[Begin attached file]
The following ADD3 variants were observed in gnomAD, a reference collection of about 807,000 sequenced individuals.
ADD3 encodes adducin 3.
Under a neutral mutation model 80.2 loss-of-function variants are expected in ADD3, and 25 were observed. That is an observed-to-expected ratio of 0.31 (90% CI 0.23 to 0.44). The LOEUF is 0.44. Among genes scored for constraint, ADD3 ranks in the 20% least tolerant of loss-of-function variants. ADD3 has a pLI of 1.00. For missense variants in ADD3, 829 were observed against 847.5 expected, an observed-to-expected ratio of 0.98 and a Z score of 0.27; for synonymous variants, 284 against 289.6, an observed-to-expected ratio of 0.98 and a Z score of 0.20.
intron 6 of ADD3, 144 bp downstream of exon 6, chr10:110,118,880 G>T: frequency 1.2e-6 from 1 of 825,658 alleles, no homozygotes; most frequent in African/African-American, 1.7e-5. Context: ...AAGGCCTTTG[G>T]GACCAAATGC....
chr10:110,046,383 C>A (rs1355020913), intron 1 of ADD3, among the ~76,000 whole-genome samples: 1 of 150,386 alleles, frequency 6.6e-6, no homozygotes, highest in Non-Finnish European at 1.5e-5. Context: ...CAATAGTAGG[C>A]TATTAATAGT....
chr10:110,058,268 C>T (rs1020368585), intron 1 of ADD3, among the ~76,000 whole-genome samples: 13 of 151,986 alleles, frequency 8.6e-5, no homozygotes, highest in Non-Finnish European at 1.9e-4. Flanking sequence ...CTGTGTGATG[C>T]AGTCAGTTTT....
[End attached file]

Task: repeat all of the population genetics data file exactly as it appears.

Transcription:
The following ADD3 variants were observed in gnomAD, a reference collection of about 807,000 sequenced individuals.
ADD3 encodes adducin 3.
Under a neutral mutation model 80.2 loss-of-function variants are expected in ADD3, and 25 were observed. That is an observed-to-expected ratio of 0.31 (90% CI 0.23 to 0.44). The LOEUF is 0.44. Among genes scored for constraint, ADD3 ranks in the 20% least tolerant of loss-of-function variants. ADD3 has a pLI of 1.00. For missense variants in ADD3, 829 were observed against 847.5 expected, an observed-to-expected ratio of 0.98 and a Z score of 0.27; for synonymous variants, 284 against 289.6, an observed-to-expected ratio of 0.98 and a Z score of 0.20.
intron 6 of ADD3, 144 bp downstream of exon 6, chr10:110,118,880 G>T: frequency 1.2e-6 from 1 of 825,658 alleles, no homozygotes; most frequent in African/African-American, 1.7e-5. Context: ...AAGGCCTTTG[G>T]GACCAAATGC....
chr10:110,046,383 C>A (rs1355020913), intron 1 of ADD3, among the ~76,000 whole-genome samples: 1 of 150,386 alleles, frequency 6.6e-6, no homozygotes, highest in Non-Finnish European at 1.5e-5. Context: ...CAATAGTAGG[C>A]TATTAATAGT....
chr10:110,058,268 C>T (rs1020368585), intron 1 of ADD3, among the ~76,000 whole-genome samples: 13 of 151,986 alleles, frequency 8.6e-5, no homozygotes, highest in Non-Finnish European at 1.9e-4. Flanking sequence ...CTGTGTGATG[C>T]AGTCAGTTTT....